What is separation anxiety in dogs?
Separation anxiety in dogs is one of the most common problems pet parents face. It’s also one of the main reasons that drives them to book Sidelick daycare services: their dogs just can’t be left alone. Moreover, separation anxiety can translate into many unpleasant symptoms, which we will develop in this article. We will also suggest ideas on how to tackle it, not just during the early stages of puppyhood but throughout all stages of a dog’s life.
Identifying separation anxiety in dogs
Depending on the level of separation anxiety they suffer from, dogs will manifest bad behaviors (from a human’s perspective). These include (but are not limited to) drooling, panting, crying, howling, barking, whining, urinating, defecating, destroying the surrounding (furniture), pacing…
If your dog is displaying anyone or any combination of these behaviors when you leave them alone, then you’re going to want to read the upcoming segment.
Adopting the right mindset
Dogs can develop separation anxiety at any point in their lifetime. Yet, when thinking about dog training, one only thinks of potty training or basic commands such as sit, down and fetch. However, teaching a dog to enjoy being alone should be part of the ideal training routine, because it is a proactive way to avoid facing this issue. You want to build the confidence of dogs in their home environment, even in your absence.
In order to do so, you want to modify the dog’s perception of alone time – adapting to your schedule. Similarly to most training strategies, you need to create positive associations, focusing on calm and serenity instead of anxiety and fear. Because it heavily relies on conditioning, it takes a little bit of time and effort to get the dog to understand the dynamics of you leaving and you coming back for them. As you progress, you’ll be able to boost your dog’s trust that you’ll be back and eventually stretch your absence for longer periods.
Training for separation anxiety
If you’re going on that journey, you must know that you need to be calm and assertive, very confident that your efforts will pay off. If you’re nervous about it, your dog could pick up your vibes and you surely don’t want that. Here are a few tips that have proven effective with us:
At Sidelick, we always say that a tired dog is a happy dog, so before leaving your dog alone, make sure that your provided sufficient exercise in order to drain the energy levels.
Avoid making a big fuss about your departure/arrival. If you’re leaving, do so quietly. When you get back, stay calm and avoid cheering and making loud noises. If you dog greets you with a lot of excitement, do not pet him before he calms down.
Work on desensitization exercises. If your dog goes crazy when you pick up your wallet, wear your coat or grab your keys, then you need to break the association between these actions and you leaving. How? Easy! Just grab your keys and don’t leave. Wear your coat every now and then. Find the trigger points and do these actions without the expected outcome (you leaving). That way, that association will eventually die in your dog’s mind over time.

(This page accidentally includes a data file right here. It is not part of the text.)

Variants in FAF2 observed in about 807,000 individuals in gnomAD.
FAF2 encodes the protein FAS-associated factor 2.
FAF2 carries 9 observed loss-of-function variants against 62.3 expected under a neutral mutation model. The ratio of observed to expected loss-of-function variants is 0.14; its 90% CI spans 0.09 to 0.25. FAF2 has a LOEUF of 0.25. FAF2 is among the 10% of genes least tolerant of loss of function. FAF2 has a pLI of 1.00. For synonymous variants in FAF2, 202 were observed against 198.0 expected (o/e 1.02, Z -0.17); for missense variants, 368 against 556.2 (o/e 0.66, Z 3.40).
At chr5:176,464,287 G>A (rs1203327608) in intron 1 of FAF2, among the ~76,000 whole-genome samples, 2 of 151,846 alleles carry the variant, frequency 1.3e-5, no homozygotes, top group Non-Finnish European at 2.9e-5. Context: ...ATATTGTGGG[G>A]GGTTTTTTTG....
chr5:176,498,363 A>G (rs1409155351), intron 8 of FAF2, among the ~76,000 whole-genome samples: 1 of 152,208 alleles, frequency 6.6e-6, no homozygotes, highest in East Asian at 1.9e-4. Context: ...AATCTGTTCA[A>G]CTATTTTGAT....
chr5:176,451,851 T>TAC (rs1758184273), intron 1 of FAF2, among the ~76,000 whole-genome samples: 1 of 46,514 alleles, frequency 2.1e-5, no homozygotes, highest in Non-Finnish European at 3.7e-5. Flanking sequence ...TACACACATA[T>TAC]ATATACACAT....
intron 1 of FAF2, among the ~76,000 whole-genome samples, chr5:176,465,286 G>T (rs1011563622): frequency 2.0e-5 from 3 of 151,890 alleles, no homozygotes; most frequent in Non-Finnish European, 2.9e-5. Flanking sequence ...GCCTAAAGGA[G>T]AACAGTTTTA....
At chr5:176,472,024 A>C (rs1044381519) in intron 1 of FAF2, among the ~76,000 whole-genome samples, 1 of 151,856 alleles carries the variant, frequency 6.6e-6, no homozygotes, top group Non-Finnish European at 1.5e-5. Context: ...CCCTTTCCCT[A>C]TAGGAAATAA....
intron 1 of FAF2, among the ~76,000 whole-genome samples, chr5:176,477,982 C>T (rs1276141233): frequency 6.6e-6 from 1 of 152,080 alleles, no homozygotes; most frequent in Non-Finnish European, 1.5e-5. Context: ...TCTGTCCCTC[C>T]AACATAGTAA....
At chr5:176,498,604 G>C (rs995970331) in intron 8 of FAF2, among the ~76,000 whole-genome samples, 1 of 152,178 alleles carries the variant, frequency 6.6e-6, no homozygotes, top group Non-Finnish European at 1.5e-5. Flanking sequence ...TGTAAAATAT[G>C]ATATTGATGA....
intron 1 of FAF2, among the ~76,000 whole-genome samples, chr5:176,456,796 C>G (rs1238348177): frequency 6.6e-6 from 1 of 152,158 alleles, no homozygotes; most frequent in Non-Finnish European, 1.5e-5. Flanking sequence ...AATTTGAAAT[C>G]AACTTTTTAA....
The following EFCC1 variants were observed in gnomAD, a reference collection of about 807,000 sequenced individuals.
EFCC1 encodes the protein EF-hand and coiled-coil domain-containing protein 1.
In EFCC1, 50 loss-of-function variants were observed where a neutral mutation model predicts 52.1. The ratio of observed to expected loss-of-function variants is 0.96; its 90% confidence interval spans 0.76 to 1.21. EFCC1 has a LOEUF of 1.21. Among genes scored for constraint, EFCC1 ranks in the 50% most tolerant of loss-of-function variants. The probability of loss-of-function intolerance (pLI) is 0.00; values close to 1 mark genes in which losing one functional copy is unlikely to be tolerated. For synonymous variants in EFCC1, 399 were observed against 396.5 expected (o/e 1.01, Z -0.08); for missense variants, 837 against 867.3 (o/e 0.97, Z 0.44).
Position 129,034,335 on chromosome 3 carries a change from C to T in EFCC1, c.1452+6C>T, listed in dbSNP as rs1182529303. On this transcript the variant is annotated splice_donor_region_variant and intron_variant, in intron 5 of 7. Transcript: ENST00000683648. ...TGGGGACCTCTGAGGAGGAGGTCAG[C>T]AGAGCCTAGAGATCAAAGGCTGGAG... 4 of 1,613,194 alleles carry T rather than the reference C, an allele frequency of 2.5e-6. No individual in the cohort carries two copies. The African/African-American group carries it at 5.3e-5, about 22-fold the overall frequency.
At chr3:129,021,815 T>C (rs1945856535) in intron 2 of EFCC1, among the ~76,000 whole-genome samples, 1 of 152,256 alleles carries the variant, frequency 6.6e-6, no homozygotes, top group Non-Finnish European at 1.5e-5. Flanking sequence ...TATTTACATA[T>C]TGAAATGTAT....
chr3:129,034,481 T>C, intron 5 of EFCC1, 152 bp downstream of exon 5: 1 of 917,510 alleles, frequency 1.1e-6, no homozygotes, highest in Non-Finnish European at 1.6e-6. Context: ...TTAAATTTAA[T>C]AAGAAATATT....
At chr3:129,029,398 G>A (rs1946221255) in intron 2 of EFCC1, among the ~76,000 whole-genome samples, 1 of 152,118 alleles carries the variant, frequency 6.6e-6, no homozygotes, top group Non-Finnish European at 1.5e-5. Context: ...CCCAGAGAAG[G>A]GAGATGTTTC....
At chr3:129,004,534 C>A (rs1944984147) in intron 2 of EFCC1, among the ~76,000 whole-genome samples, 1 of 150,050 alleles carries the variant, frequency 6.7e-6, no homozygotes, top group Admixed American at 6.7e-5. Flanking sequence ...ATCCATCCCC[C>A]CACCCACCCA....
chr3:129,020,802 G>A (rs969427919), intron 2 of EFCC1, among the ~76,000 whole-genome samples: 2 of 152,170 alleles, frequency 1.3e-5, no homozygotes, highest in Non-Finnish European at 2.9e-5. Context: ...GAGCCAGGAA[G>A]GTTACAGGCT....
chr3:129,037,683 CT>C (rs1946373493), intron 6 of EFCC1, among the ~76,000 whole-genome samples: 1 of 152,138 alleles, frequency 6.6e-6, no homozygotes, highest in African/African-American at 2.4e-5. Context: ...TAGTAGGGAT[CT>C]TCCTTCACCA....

Train your dog to be comfortable in a room without you being present in it. This is done step by step, with lots of patience. Leave the room, wait 10 seconds, get back in and reward calmly with a treat. Repeat the exercise, adding a few seconds every time, until you reach minutes, etc.
Additional do’s and don’ts
The right course of action will transform your anxious dog into being at peace with being alone or staying without you for a bit. However, there are a lot of urban legends out there, so here’s our myth buster selection:
Handing the dog a puzzle toy filled with treats every time you leave: TRUE. This will keep your dog busy, mentally stimulated and happy. Make sure to restrict this game to periods of time while you’re away.
Playing the TV/Radio loudly, as a background music: PARTIALLY TRUE. It can help in some mild cases of separation anxiety in dogs, although solely relying on this is wishful thinking.
Getting angry and shouting NO every time the dog barks: FALSE. This is actually counterproductive. It somehow reinforces the behavior because it gives attention to the dog at the wrong moment, almost as a reward.
Leaving a worn piece of clothing that smells like you before you leave: TRUE. This can help, to some extent, easing the anxiety.
Socialization and patience are key
In many cases, working on a dog’s socialization can definitely help prevent many issues including the development of anxiety. Subsequently, meeting new people, dogs, animals, places and experiences helps in diminishing the extent of a dog’s response to situations – they’ll end up acting like “been there, done that”. Alone time will thus also be part of their pool of experiences that they can respond to lightly, without offering an exaggerated reaction.
The training tips suggested above (counterconditioning and desensitizing) are both excellent methods that take it slow on the dog. Unfortunately, it also means that the results can be a little bit slow so keep in mind that you need to stay patient and might also require assistance from a professional behaviorist. Learn to embrace small victories, take every second of uneventful additional alone time as a win. Hence, always remember to keep your dog busy, mentally stimulated and too tired to be anxious!